Home testing: The best way to measure your fitness levels

Physiological testing is no longer the preserve of the sports science lab. Coach Tom Bell explains how to measure your key benchmarks from the (dis)comfort of your home

Indoor fitness testing
(Image credit: Future / Daniel Gould)

Over the last few weeks, many pro racers and their coaches have been busy testing in the lab. This early-season testing is a mainstay at the top level of the sport. It helps coaches understand their athletes’ fitness profiles and to set training intensity targets and priorities. 

But fitness testing isn’t just for pros. It can be helpful for cyclists of all abilities – and in this feature we will explore the home-based testing protocols that you can undertake for a fraction of the cost of lab testing. 

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As a coach, I often have athletes use home-based testing because it can be performed more regularly, and also provides important data on actual performance as opposed to physiological metrics such as VO2max, which don’t always predict real-world performance very accurately. 

In this feature, we’ll review three home-based testing approaches that require only a power meter or smart trainer and a device to record the data (e.g. laptop or cycling computer).

We’ll follow two hypothetical athletes through this article to explore how well the different testing protocols work for different individuals, assessing the pros and cons of the different methods. Both datasets are from real athletes, albeit with names for confidentiality.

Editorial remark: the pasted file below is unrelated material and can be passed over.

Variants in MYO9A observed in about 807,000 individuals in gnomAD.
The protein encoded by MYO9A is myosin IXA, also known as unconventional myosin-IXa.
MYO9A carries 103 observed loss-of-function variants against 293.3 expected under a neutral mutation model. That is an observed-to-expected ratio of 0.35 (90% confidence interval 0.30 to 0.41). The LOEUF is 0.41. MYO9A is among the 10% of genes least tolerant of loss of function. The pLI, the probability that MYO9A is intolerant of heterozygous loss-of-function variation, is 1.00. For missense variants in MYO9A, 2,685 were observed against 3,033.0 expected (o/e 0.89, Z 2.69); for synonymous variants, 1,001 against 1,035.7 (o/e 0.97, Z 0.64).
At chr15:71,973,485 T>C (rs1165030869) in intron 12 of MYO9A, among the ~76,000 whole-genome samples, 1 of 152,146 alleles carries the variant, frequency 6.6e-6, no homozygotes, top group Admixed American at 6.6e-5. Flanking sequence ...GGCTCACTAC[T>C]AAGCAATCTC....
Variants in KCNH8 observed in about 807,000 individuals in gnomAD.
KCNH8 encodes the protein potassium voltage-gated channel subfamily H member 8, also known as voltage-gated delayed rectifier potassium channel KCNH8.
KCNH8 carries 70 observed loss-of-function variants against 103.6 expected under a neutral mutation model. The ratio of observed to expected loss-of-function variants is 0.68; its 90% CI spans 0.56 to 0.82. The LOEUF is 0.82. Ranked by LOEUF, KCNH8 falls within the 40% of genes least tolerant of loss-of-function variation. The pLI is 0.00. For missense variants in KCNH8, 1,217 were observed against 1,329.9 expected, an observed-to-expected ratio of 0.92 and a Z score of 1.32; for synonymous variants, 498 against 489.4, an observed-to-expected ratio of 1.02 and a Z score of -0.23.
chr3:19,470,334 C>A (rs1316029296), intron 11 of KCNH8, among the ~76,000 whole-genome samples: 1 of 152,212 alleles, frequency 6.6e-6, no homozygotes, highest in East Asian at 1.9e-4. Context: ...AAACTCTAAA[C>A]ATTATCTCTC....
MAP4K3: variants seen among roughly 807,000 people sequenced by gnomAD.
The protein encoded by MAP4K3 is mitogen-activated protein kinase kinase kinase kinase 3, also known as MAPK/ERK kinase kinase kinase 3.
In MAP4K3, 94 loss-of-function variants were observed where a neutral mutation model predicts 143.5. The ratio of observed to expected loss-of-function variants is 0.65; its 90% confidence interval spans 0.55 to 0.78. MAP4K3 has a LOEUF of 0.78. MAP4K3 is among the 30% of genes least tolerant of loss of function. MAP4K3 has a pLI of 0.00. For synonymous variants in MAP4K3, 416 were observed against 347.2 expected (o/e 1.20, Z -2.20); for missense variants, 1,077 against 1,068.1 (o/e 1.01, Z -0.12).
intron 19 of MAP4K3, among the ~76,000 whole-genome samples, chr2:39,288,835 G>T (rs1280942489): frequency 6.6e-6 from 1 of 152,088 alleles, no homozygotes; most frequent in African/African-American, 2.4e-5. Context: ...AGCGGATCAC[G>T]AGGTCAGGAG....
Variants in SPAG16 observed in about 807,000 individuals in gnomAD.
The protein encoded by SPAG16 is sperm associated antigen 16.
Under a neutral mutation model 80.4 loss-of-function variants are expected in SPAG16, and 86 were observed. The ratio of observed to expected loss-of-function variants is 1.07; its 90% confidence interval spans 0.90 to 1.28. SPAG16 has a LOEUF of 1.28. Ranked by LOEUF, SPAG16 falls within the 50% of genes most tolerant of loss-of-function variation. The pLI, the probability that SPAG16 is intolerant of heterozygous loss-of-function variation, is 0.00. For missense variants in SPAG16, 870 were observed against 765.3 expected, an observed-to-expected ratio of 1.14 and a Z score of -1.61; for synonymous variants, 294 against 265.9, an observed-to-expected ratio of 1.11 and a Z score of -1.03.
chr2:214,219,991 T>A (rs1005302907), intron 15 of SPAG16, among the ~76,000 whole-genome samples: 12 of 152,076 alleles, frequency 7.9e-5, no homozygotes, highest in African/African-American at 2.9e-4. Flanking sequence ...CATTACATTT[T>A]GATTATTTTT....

Our first athlete, Jane, describes herself as a “diesel engine”. She is able to maintain high power in steadier events (4.4W/kg for over an hour), but struggles to respond to breakaways. Our second athlete, Sarah, is a more explosive rider and excels in races with many surges and attacks. She has a slightly lower one-hour power of 4.3W/kg. Both are preparing for punchy criterium-style races.

Indoor fitness testing

(Image credit: Future / Daniel Gould)

The 20-minute FTP test

This protocol (see box) is intended to estimate Functional Threshold Power (FTP), which is the maximum sustainable power over 40-60 minutes. This closely corresponds to the maximum lactate steady state (MLSS), which is a key marker of endurance cycling fitness often tested in the lab.

A key benefit of this protocol is its simplicity. It’s easy to estimate FTP and see how this has changed in response to training. Training intensity zones can also be calculated based on percentages of FTP, such Dr Andrew Coggan’s intensity zones (see box).

A limitation of this test is that it only assesses one aspect of your fitness profile. Looking at the data from Jane and Sarah, below, we can say for sure that Sarah seems to have a slightly higher FTP. 

However, the testing doesn’t tell us anything about how these athletes perform over shorter efforts, or what their endurance abilities might be like over several hours. On the basis of the FTP test alone, we can’t confidently say, for either athlete, what they should focus on in training.

To read the full feature grab a copy of the March 17 edition of Cycling Weekly, on sale in shops an online now (opens in new tab). You can also subscribe to Cycling Weekly (opens in new tab), get more great fitness content each week and save on the cover price. 

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